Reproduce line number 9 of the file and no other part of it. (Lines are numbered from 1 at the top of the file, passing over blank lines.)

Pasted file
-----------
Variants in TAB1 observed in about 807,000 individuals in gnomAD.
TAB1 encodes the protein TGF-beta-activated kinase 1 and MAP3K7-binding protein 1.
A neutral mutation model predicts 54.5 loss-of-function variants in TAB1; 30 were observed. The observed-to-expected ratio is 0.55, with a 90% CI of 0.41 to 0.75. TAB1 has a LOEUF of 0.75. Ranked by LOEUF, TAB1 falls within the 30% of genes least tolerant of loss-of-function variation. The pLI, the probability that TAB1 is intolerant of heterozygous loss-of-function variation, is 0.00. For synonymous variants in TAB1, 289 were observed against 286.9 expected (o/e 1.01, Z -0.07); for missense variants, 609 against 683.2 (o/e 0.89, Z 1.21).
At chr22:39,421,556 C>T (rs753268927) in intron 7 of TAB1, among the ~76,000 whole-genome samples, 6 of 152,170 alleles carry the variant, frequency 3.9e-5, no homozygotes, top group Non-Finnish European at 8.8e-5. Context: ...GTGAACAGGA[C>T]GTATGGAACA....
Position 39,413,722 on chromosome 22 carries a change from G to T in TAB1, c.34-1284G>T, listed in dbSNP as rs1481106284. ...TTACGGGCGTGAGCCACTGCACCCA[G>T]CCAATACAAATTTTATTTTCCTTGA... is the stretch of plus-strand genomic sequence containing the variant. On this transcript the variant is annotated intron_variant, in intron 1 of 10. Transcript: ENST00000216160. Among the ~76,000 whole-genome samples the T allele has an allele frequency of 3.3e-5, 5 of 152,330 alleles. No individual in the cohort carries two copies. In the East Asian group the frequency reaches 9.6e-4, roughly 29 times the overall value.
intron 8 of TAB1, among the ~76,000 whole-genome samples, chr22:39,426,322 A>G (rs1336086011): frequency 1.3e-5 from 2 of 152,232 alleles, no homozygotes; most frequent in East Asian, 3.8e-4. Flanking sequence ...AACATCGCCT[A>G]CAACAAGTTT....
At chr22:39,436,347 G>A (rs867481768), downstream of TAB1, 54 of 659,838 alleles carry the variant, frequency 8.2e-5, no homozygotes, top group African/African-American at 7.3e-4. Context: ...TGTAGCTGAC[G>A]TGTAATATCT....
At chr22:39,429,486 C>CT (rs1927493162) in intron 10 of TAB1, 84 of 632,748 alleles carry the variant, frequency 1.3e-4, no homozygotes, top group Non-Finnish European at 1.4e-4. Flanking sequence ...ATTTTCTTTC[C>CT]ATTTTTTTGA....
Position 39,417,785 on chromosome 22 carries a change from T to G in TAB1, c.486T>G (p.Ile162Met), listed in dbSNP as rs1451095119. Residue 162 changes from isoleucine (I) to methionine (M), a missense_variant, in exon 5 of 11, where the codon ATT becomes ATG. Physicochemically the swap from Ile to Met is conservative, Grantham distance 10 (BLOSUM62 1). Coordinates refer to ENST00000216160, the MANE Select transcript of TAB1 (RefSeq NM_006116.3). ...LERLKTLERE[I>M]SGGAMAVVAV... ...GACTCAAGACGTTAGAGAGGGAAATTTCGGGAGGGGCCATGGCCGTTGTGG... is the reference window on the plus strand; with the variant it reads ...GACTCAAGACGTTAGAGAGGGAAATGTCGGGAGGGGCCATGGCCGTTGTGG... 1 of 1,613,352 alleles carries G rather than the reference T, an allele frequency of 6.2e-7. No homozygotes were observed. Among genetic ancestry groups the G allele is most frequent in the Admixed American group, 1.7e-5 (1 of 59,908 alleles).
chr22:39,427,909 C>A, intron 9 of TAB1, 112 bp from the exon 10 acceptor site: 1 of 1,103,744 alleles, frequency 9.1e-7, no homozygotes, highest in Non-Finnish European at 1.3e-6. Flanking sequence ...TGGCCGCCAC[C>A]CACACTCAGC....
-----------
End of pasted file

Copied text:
Position 39,417,785 on chromosome 22 carries a change from T to G in TAB1, c.486T>G (p.Ile162Met), listed in dbSNP as rs1451095119. Residue 162 changes from isoleucine (I) to methionine (M), a missense_variant, in exon 5 of 11, where the codon ATT becomes ATG. Physicochemically the swap from Ile to Met is conservative, Grantham distance 10 (BLOSUM62 1). Coordinates refer to ENST00000216160, the MANE Select transcript of TAB1 (RefSeq NM_006116.3). ...LERLKTLERE[I>M]SGGAMAVVAV... ...GACTCAAGACGTTAGAGAGGGAAATTTCGGGAGGGGCCATGGCCGTTGTGG... is the reference window on the plus strand; with the variant it reads ...GACTCAAGACGTTAGAGAGGGAAATGTCGGGAGGGGCCATGGCCGTTGTGG... 1 of 1,613,352 alleles carries G rather than the reference T, an allele frequency of 6.2e-7. No homozygotes were observed. Among genetic ancestry groups the G allele is most frequent in the Admixed American group, 1.7e-5 (1 of 59,908 alleles).